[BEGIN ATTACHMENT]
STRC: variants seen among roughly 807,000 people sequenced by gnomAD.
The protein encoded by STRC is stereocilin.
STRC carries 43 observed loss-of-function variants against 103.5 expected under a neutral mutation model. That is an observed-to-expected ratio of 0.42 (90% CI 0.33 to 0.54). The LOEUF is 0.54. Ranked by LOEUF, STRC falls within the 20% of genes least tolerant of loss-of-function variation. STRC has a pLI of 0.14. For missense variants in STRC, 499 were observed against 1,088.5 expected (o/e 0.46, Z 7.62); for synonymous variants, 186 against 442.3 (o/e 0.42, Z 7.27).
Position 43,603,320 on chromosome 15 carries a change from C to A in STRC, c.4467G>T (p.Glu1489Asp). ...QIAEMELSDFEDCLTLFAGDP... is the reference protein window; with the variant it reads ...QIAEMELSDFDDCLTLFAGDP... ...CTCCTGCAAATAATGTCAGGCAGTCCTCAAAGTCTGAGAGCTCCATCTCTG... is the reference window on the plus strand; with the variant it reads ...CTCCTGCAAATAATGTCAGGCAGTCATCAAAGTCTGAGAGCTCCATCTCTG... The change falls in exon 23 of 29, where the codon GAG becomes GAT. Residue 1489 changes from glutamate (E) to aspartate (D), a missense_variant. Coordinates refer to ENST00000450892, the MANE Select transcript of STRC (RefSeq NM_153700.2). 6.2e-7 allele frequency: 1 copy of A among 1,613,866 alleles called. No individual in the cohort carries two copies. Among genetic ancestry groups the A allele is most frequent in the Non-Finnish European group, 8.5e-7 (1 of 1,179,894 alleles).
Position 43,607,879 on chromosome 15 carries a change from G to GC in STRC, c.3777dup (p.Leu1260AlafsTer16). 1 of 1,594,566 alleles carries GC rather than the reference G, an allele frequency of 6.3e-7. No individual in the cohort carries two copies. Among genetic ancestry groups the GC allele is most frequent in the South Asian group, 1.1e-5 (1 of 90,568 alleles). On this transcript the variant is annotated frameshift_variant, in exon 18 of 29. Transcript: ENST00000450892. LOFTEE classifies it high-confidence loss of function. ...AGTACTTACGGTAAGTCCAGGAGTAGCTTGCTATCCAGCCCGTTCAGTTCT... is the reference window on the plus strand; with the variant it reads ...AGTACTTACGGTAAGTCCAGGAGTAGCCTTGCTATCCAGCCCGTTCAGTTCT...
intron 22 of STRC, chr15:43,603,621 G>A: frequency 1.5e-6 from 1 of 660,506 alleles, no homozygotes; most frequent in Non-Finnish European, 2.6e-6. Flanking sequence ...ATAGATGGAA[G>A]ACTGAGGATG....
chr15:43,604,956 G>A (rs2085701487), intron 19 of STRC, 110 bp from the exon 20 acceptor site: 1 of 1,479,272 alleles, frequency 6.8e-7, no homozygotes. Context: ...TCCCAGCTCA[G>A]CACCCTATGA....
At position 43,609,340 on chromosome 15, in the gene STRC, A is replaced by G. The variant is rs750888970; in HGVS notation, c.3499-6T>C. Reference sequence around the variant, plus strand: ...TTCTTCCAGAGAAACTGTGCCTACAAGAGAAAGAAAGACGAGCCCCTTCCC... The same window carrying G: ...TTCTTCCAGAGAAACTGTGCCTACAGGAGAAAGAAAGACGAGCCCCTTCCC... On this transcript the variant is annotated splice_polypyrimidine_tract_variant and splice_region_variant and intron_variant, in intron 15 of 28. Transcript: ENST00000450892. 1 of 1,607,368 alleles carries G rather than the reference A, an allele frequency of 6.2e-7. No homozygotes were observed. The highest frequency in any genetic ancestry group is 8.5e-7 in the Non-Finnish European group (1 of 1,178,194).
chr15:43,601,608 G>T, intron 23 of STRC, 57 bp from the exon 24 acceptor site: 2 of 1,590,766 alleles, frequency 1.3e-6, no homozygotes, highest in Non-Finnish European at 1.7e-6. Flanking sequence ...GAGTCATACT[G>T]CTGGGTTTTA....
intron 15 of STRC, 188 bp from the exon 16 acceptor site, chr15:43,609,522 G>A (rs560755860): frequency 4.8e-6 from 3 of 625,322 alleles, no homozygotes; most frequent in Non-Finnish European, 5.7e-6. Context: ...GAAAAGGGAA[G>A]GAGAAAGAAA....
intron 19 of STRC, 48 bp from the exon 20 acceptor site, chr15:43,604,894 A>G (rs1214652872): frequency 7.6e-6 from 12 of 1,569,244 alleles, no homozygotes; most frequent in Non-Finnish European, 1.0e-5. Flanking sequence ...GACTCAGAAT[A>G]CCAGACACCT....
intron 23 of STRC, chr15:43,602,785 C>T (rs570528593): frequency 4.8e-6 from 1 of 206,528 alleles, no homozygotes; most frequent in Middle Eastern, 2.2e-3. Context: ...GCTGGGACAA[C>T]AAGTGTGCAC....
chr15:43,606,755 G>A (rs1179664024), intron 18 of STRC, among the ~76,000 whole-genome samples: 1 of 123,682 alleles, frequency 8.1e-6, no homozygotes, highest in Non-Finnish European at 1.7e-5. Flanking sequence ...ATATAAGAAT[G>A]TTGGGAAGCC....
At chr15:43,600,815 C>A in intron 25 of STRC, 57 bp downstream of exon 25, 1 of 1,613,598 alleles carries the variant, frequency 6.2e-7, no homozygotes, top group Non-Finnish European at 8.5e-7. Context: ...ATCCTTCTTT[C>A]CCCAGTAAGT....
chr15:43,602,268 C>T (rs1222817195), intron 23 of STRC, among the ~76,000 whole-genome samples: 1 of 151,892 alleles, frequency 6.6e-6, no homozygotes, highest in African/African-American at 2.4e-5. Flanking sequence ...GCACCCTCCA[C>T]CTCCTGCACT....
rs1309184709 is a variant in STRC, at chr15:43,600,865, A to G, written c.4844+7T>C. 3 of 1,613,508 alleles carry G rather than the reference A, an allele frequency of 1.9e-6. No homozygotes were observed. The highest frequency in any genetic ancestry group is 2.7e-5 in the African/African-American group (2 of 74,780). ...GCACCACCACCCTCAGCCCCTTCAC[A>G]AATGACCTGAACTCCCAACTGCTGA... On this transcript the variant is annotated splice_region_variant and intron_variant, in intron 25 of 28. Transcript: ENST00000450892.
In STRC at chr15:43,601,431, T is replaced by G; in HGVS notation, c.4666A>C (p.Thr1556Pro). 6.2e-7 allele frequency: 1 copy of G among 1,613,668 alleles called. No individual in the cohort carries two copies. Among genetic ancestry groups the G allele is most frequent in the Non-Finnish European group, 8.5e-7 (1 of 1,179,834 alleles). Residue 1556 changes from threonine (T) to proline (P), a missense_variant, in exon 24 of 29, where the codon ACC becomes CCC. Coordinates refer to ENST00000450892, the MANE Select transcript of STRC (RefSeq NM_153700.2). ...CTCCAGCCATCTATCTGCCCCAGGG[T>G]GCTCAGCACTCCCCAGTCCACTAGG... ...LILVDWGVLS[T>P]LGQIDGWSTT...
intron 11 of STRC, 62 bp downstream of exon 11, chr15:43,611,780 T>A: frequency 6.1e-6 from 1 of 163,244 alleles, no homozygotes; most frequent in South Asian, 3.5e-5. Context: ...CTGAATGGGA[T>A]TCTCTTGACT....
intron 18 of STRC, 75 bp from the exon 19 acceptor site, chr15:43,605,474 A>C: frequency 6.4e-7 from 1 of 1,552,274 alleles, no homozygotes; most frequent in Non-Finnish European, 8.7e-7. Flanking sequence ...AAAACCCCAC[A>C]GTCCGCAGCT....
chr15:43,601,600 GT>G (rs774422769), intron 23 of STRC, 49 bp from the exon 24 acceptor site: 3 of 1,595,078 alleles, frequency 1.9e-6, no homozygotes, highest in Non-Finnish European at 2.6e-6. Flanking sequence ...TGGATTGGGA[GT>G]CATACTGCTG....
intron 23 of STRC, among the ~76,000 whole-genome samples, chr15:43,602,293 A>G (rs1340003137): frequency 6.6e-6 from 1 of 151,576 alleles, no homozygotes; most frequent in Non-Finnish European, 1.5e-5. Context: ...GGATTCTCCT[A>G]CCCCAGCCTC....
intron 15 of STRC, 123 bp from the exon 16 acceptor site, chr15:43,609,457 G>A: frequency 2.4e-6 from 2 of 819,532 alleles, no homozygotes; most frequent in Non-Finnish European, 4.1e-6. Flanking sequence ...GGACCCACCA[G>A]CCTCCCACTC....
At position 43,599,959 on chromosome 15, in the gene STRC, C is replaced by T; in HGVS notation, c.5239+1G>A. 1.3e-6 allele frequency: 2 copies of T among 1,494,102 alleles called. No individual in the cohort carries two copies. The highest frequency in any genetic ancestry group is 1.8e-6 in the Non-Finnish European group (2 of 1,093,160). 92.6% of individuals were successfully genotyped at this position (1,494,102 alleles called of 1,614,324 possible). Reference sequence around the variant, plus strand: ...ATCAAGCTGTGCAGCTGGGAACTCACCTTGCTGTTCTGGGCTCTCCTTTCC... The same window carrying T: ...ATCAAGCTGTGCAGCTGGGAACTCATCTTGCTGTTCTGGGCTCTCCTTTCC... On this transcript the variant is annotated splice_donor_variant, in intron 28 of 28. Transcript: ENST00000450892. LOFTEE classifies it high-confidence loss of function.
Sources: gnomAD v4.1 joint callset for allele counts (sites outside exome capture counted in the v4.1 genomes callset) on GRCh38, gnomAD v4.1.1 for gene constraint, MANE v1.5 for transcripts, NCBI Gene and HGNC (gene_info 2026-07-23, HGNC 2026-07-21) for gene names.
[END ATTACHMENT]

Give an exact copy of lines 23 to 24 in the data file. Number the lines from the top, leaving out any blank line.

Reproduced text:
At position 43,599,959 on chromosome 15, in the gene STRC, C is replaced by T; in HGVS notation, c.5239+1G>A. 1.3e-6 allele frequency: 2 copies of T among 1,494,102 alleles called. No individual in the cohort carries two copies. The highest frequency in any genetic ancestry group is 1.8e-6 in the Non-Finnish European group (2 of 1,093,160). 92.6% of individuals were successfully genotyped at this position (1,494,102 alleles called of 1,614,324 possible). Reference sequence around the variant, plus strand: ...ATCAAGCTGTGCAGCTGGGAACTCACCTTGCTGTTCTGGGCTCTCCTTTCC... The same window carrying T: ...ATCAAGCTGTGCAGCTGGGAACTCATCTTGCTGTTCTGGGCTCTCCTTTCC... On this transcript the variant is annotated splice_donor_variant, in intron 28 of 28. Transcript: ENST00000450892. LOFTEE classifies it high-confidence loss of function.
Sources: gnomAD v4.1 joint callset for allele counts (sites outside exome capture counted in the v4.1 genomes callset) on GRCh38, gnomAD v4.1.1 for gene constraint, MANE v1.5 for transcripts, NCBI Gene and HGNC (gene_info 2026-07-23, HGNC 2026-07-21) for gene names.